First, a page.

Jazz is full of common, regular chord progressions so once you know 3 or 4 of them, and can apply them to different keys and recognise them there, improvising becomes a whole lot easier.
Improvising, as you know having read most of my blog entries, is not about speed and scales. You will also be aware how YouTube videos demonstrating 'jazz piano' or 'advanced jazz techniques' are a load of twaddle and infuriate me since they just show you scales and speed... scales scales scalezzzzzzzzzzzzzzzzzzzzzz. This should be taught as being 1% of jazz piano, the rest of it being internal emotions, experiences and a selected Purpose. This is how I hope to become a successful internet presence on jazz piano instruction; teaching from the inside > out, not the outside all alone.
Approaching a IIm-V7-I progresion and playing over it and then leaving it is the foundation to jazz because easily over 90% of the jazz repertoire is based on this progression to end or even begin a song; also, to change key! I strongly recommend that you go to your piano and play the IIm-V7-I chords in all keys; if you don't like the sound of that, well, you should, but if you don't, master them at least in the keys of C, F, G, Eb and Bb, but do learn them in all the keys! I beg you.
I'll demonstrate in C in the hope that you will approach other keys in the same way. To a jazz pianist, keys do not matter since all notes are numbers (as I discuss in great detail in my eBook, available from this blog for only £3.50).
First, ask yourself what your purpose is for even playing the song you are playing. Let's suppose you're playing 'At Last', a popular jazz number in the key of C. You're at the end of the first round and you will now play over the final IIm-V7-I to start the song again but this time with a little improvisation. The song's titles refers to happiness over finding that one special love but is also romantic and slow; do not over-play the blues scales but use them on occasion, and do not over-play the 9th, a longing/romantic note. I would recommend using more chord notes than extensions (9, 11, 13) or blues notes (minor 3rd/flat 5), but that doens't mean don't use them.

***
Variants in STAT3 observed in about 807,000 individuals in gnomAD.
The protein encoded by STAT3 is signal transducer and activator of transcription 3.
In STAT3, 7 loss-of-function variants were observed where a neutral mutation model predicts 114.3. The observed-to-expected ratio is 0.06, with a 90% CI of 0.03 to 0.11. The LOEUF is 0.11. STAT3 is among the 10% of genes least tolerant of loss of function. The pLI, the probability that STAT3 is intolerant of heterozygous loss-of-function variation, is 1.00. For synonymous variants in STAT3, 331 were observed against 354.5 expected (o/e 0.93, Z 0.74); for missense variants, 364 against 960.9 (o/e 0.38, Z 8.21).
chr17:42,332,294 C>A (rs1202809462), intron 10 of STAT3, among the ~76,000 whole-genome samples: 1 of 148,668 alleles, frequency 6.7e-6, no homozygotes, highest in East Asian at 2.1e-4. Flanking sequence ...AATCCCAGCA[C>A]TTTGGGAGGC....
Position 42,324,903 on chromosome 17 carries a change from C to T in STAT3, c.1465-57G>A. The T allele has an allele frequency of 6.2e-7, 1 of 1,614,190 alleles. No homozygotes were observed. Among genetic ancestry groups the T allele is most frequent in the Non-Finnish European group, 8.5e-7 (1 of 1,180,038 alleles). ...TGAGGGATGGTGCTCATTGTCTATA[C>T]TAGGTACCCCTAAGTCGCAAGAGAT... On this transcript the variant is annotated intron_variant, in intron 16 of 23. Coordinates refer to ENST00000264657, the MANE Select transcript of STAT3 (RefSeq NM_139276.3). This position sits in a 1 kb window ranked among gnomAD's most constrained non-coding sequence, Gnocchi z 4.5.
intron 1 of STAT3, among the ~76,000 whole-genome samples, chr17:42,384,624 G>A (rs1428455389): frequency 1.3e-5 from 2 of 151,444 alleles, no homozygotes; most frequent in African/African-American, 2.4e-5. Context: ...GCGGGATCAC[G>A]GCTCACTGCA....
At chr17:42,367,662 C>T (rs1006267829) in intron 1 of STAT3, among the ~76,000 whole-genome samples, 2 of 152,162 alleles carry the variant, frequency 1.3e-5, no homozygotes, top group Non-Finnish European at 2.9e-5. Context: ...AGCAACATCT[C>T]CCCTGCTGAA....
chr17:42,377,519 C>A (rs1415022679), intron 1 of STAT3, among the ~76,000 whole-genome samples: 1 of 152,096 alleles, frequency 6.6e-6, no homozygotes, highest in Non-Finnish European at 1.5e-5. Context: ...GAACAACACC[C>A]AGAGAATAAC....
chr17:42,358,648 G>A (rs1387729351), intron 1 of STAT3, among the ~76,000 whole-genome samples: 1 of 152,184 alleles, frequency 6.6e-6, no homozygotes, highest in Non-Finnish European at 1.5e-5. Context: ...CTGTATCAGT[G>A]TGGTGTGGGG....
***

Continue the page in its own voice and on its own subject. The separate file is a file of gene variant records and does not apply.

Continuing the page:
We have our purpose, now let's think about a call and response idea. First is Dm7, (of the IIm-V7-I). 9th is E, b5 blues is Ab; why not have a nice run down from the E to the A flat using the notes of the chord? Thus, descending: E, D, C, A, Ab then resolving that discordant Ab to the A again, and then perhaps repeating the scale so we could start this 2 octaves higher and come down over 2 or three octaves and 'fall into' the V7, which is G7.
Now in G7, a dominant 7 chord, we can use the blues scale or treat it as the 5th mode of C, giving the major scale of C; how boring! Let's perhaps run back up but this time in octaves; but what scale? Those notes we played above (E, D, C, A, Ab) in the key of D were, in terms of note values: 9th, root, dom7, 5th, b5), but in G, those same notes are: 13th (good, jazzy), 5th (standard), 11th (clashy jazz, nice), 9th (great!) and b9 (beautiful for going back to the I, C).
Wow... let's try that and see how it sounds but this time in octaves. Forget about strict timing as if there is a metronome; play how you want, when you want. Fiddle around with those 5 notes against a Dm7 and G7 chord; you will be delighted at how bluesy and sweet it sounds at the same time. Now, do the same in Eb using the IIm and V7 which are Fm7 and Bb)!
So, instead of making a 30 minute video on fancy 'licks' and all that nonsense, we have simply acknowleged note values and combined them with a Purpose in terms of sound required, then intelligently selected some nice notes to play and applied a technique to play those notes (down over 2 octaves, back up as an octave stretch (thumb/little finger).
This is where I now say to you: go and do your own! It is useless giving you a list of licks to go and copy. What is the point? When will you use them in a song? Why would you use them? Useless, useless, useless.
It would be nice to read or even hear some licks by my readers along with a little Purposeful description.